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Carol Anne Johnson

Carol Johnson’s Answers

3,035 total


  • Annoying neighbors...

    I live behind a church (bad idea). The house next to me was demolished and a basketball court was built for the church's school so the kids can go play. Well, there are people playing there ALL DAY AND ALL NIGHT! It's beginning to be annoying h...

    Carol’s Answer

    Just out of curiosity, who was there first - you or the church? Unfortunately, you are limited by the local ordinances and if the police told you that there is nothing that can be done, it is probably because basketballs dribbling on pavement do not make enough noise to exceed what is considered acceptable (typically, 70-80 decibels during the day and 40 at night). As mentioned by my colleagues, a conversation with the church about limiting the access to the court to between 8 and 11 may help - but, you also need to acknowledge that it is far better to have young people playing basketball at a church playground than loitering on the streets with nothing but time on their hands! Living peacefully in a neighborhood always requires some give and take.

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  • My HOA is asking me to rectify a illegal driveway modification, but I bought the house this way and never made any modification

    I purchased my house over a yr ago. The driveway was already modified (a small section had red brick pavers placed around the garden area). For a year, i had no issues. Then a year later I get a letter from the HOA asking em to rectify the Illega...

    Carol’s Answer

    The HOA fees you paid at closing were most likely the past due fees of the prior owner - that is how the HOA recoups their monies when an owner falls behind. And, it may be that they were coming after the prior owner to rectify the driveway situation. This is precisely why it is always a good idea to have an attorney review ALL your purchase contracts and the HOA docs before buying a home. They could have advised you as to any issues that were outstanding and what restrictions would be imposed upon you. Unless you have money to burn and too much time on your hands, it is best to just comply with the letter and remove the offending bricks.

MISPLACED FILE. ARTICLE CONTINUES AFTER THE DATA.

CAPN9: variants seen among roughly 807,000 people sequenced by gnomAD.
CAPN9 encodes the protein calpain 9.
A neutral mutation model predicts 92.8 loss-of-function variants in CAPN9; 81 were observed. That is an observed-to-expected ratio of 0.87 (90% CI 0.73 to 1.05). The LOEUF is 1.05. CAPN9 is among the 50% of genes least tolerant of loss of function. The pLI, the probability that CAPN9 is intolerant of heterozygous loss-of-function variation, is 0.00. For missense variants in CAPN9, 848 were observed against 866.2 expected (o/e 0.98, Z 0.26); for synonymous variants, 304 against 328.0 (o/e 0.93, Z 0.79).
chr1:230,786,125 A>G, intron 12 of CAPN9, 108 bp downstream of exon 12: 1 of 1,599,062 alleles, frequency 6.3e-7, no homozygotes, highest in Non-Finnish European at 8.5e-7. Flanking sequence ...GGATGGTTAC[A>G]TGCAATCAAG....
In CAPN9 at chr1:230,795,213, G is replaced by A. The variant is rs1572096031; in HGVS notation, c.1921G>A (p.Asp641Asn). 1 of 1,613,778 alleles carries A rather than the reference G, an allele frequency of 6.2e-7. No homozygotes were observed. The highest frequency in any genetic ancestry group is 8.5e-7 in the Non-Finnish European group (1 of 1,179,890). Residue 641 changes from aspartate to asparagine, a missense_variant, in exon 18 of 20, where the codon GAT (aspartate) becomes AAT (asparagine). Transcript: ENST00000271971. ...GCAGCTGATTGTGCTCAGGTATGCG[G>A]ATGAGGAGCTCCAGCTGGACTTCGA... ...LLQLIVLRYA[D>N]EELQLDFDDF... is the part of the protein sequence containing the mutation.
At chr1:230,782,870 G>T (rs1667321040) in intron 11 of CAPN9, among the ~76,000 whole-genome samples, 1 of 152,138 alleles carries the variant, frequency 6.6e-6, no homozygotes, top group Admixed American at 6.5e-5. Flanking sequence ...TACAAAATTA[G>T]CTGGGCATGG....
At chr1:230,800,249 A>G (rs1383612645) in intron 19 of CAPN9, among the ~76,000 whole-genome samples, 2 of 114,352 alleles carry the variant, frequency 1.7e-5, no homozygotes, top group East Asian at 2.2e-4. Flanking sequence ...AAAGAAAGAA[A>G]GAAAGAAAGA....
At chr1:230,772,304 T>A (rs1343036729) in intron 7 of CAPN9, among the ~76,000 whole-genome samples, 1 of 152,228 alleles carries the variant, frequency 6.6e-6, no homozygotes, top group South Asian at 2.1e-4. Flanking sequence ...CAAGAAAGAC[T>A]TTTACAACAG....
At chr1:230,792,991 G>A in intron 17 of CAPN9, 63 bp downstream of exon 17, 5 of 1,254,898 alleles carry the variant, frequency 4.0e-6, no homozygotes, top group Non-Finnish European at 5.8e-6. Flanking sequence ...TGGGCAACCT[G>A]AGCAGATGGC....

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  • What can be done to reverse these fraudulent acts?

    My niece and 2 other siblings are the survivors of their grandfather. She as the eldest had stepped in to make sure the caretaker was doing what is expected. Recently it was discovered that the caretaker has married her grandfather and changed ov...

    Carol’s Answer

    It sounds like, if everything is as you say, that a probate litigation is in order. How were the properties and the insurance changed over? Someone would have had to notarize any deeds including the new spouse on them and someone would have had to speak with the life insurance agent. It seems unlikely that they were all in on a big conspiracy together. Is it possible that the grandfather was so grateful to (and maybe in love with) the caretaker that he willingly married her and provided for this woman? Stranger things have happened. Have an attorney review the documents and deeds in question and advise you on their validity.

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  • Do I have the right to question a big inconsistency of the hoa budget or do I have to let them pad it at their discretion?

    Our HOA 2016 budget indicates a higher amount by 8,700.00 for property insurance than is on the official declaration for the same time period. We currently pay 514. a month in dues in a community who's home values are around 200k with a pool as ou...

    Carol’s Answer

    Part of the problem with HOA's and CA's is that the board members are usually just lay persons who volunteered for the position. They may or may not have the experience necessary to actually do the job as described in the FL statutes (F.S. Chapter 720). Best way to ensure that they are doing their jobs is to apply to be on the board yourself. You have a right, as a homeowner, to request financial documents from the management company, but be prepared to pay for them and access them during their regular business hours.

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  • Which deed prevails, if they all have the same execution date?

    A deed was drafted by a title company and recorded containing incomplete legal description. Few weeks later they recorded a 2nd deed, where they didn't change the execution date (it had the same execution date as the first deed). They DID NOT name...